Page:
The Better Boards Podcast Series-logo

The Better Boards Podcast Series

Business & Economics Podcasts

Our mission at Better Boards is to contribute to creating better boards. We do this by providing clients with an evidence-based approach for board evaluations and board development programmes. To fulfil our mission, we would like to give a voice to all who are care about creating better boards, Chairpeople, CEOs, SIDs, NEDs, Academicians, investors, and regulators. All the views expressed in our podcasts are the views of our podcast partners and not those of Better Boards. In each episode, you’ll get insights from those who are at the frontline - Chairpeople, CEOs, SIDs, NEDs, Academicians, investors, and regulators. Every time you tune in, we’ll help you to develop and reinvigorate your board know-how and practice with insights, creative problem-solving, and practical advice. New episodes are available every 1st and 3rd Thursday of the month.


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Our mission at Better Boards is to contribute to creating better boards. We do this by providing clients with an evidence-based approach for board evaluations and board development programmes. To fulfil our mission, we would like to give a voice to all who are care about creating better boards, Chairpeople, CEOs, SIDs, NEDs, Academicians, investors, and regulators. All the views expressed in our podcasts are the views of our podcast partners and not those of Better Boards. In each episode, you’ll get insights from those who are at the frontline - Chairpeople, CEOs, SIDs, NEDs, Academicians, investors, and regulators. Every time you tune in, we’ll help you to develop and reinvigorate your board know-how and practice with insights, creative problem-solving, and practical advice. New episodes are available every 1st and 3rd Thursday of the month.






Behind close doors of tech start-up Boards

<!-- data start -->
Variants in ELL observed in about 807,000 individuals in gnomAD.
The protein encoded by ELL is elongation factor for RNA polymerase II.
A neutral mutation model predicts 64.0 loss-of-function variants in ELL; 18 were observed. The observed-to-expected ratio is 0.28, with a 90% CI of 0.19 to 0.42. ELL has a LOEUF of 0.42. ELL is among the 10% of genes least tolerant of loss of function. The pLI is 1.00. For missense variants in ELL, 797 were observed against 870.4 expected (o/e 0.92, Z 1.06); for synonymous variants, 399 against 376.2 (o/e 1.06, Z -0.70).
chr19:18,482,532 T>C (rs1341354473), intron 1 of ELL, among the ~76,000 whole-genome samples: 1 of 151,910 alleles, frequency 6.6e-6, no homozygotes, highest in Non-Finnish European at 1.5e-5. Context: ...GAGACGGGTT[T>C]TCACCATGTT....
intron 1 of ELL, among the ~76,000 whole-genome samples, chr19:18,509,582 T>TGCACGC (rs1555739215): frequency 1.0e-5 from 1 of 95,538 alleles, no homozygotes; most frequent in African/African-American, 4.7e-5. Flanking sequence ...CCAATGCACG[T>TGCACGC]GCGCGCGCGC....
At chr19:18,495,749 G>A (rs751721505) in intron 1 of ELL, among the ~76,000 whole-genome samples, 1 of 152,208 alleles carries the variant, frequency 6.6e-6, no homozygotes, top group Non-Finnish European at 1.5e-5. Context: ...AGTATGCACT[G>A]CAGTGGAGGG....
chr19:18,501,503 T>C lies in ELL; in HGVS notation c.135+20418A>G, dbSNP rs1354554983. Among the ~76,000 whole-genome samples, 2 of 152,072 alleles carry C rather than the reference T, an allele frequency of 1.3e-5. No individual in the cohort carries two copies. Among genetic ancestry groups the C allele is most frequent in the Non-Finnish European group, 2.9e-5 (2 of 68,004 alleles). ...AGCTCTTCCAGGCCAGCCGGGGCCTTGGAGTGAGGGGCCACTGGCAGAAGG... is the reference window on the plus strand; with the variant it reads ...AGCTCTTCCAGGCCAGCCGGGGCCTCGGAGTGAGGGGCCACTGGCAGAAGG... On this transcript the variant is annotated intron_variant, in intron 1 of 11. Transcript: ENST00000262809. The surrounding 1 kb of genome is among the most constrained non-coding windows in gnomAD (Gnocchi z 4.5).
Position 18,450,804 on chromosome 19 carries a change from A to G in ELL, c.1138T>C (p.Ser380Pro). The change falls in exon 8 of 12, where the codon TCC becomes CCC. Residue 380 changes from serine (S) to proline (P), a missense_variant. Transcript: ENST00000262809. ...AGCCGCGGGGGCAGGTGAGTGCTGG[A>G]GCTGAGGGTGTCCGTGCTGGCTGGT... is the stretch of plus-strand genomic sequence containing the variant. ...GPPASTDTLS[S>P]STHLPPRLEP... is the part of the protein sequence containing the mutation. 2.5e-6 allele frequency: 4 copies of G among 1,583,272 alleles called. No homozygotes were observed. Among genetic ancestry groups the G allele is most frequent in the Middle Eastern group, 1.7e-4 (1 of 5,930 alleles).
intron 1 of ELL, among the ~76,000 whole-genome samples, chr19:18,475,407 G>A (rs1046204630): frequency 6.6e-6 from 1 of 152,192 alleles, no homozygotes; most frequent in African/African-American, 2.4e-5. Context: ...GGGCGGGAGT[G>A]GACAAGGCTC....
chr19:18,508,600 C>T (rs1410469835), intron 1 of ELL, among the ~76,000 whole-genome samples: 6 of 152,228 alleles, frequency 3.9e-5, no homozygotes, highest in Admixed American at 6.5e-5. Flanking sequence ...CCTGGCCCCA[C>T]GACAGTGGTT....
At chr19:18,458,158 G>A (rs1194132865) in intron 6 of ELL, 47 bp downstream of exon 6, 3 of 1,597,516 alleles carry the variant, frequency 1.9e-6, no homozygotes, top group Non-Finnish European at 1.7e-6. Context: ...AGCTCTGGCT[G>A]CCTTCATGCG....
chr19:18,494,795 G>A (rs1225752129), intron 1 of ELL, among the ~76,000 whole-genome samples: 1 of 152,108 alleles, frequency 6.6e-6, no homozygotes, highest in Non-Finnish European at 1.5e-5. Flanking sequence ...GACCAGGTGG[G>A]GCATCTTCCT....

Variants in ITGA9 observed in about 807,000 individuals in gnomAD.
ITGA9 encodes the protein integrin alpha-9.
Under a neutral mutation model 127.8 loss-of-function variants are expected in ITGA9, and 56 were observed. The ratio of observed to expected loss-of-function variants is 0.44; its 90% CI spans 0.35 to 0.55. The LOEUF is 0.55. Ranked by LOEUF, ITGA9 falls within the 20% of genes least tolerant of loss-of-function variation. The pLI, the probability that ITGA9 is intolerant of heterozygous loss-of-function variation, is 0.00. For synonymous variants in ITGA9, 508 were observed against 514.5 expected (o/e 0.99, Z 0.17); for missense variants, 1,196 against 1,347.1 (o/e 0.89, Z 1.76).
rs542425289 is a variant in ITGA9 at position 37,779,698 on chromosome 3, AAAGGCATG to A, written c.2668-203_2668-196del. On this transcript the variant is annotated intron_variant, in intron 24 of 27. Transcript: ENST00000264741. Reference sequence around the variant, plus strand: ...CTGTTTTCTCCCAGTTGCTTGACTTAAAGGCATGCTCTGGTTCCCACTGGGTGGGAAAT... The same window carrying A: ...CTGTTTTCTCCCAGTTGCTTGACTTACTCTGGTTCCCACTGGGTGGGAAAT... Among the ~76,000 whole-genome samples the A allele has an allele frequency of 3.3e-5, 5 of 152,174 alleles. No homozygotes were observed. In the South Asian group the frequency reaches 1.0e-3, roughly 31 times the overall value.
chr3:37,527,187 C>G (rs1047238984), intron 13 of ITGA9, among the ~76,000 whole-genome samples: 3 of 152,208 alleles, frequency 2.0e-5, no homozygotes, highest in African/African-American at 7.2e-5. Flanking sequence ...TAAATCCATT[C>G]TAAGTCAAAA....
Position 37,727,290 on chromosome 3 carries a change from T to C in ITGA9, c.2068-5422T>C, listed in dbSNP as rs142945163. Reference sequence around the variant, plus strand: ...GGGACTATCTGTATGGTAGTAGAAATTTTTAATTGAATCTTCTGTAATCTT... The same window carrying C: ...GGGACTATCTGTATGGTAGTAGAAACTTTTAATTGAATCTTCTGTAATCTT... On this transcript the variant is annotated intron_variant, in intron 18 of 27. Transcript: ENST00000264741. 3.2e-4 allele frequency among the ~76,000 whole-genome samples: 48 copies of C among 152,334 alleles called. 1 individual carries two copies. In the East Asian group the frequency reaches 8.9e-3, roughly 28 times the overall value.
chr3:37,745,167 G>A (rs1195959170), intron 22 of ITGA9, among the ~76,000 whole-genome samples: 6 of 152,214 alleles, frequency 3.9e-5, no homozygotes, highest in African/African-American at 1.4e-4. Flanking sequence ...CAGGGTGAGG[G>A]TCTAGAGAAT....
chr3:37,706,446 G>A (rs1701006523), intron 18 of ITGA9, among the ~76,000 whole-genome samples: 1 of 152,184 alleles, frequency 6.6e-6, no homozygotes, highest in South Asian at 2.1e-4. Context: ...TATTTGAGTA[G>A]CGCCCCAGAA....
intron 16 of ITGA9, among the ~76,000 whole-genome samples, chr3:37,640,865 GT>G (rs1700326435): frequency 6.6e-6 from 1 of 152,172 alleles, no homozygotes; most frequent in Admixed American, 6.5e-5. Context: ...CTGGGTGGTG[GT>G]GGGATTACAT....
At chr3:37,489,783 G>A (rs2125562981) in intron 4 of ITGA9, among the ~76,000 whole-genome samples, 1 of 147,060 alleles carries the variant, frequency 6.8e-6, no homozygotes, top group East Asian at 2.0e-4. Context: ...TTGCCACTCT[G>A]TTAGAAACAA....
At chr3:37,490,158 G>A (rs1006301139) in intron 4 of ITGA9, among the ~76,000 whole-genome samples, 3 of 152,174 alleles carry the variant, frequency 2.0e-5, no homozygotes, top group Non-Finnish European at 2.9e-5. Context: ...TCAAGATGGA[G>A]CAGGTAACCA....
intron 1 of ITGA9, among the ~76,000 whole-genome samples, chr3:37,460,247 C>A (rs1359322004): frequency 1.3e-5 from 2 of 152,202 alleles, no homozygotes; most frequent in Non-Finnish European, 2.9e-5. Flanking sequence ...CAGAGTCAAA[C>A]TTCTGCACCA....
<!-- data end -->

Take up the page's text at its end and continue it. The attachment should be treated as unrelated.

The board is a powerful asset for tech start-ups. Yet, since the interaction takes place behind closed doors, there is a lot of uncertainty about how the CEO and director dynamics play out. How open is the communication between both sides? In this podcast, Dr Sabine Dembkowski, Founder and Managing Partner of Better Boards, discusses tech start-up boards with Yael Benjamin, Founder/CEO of research firm start-up Snapshot, and Tzahi (Zack) Weisfeld, Vice-President and General Manager of Intel Ignite, Intel's accelerator program. "One of the main conclusions of the research is the focus on communication, or we'll call it the lack of communication, and transparency between tech CEOs and their directors" Yael research finds one of the biggest issues is communication. Some 61% of the CEOs say they're not fully transparent with their board. "The lack of transparency is leading to a situation where CEOs do not utilise the value of the board" Yael's research finds the lack of transparency and trust leads to extra challenges and diminishes the value board members can bring. "There's a difference between first-time founders and people trying to manage or work with a board for the first time versus the more experienced founders that have a better handle on the governance of their start-up" Zack feels the experience is a large and underappreciated factor here, both on the side of CEOs and founders and also on the side of board members. "CEOs that are young and inexperienced need to get the right kind of mentorship" Zack feels it is important for young and inexperienced CEOs and founders to find advisors who can be great sounding boards and resources for managing board situations. He feels consultants are not a good choice. "A great way to help first-time or younger founders is to have an independent board member" As founders seek advisors, Yael's research shows that 60% of start-ups do not have an independent board member. "Investors overestimated the value they're providing versus what those CEOs said they're receiving" As an additional consideration when looking at investors as board members, Yael's research finds there's a large imbalance in the perceptions of the value of advice and guidance. "The reality is that VC partners are often on too many boards" Considering Yael's data and his own experience, Zack feels an issue not often talked about is that VCs and investors are on too many boards. "When we talked about selecting your advisor, your mentor, you need to select a partner that's going to invest in you" At times, the only thing a VC has to offer is their cash. This means start-ups need to look for someone else to serve in that mentoring or advising capacity very intentionally. The top takeaways from our conversation are: 1. Yael notes that a lack of transparency is going to prevent getting value from the board. 2. Zack wants to remind everyone to choose your mentors, VCs, and board members as carefully as possible – with at least as much care as you would a co-founder or spouse. 3. Zack would also like to remind CEOs and founders that they are in control of their companies, not the boards. While boards play advisory roles, the ultimate responsibility for managing the firm lies with the CEO. 4. Finally, Zack notes when it comes to boards, mentors, and advisors, adopt a "help them help you" approach. The more friction you can take out of the process, the more likely you are to get the help you need from busy people.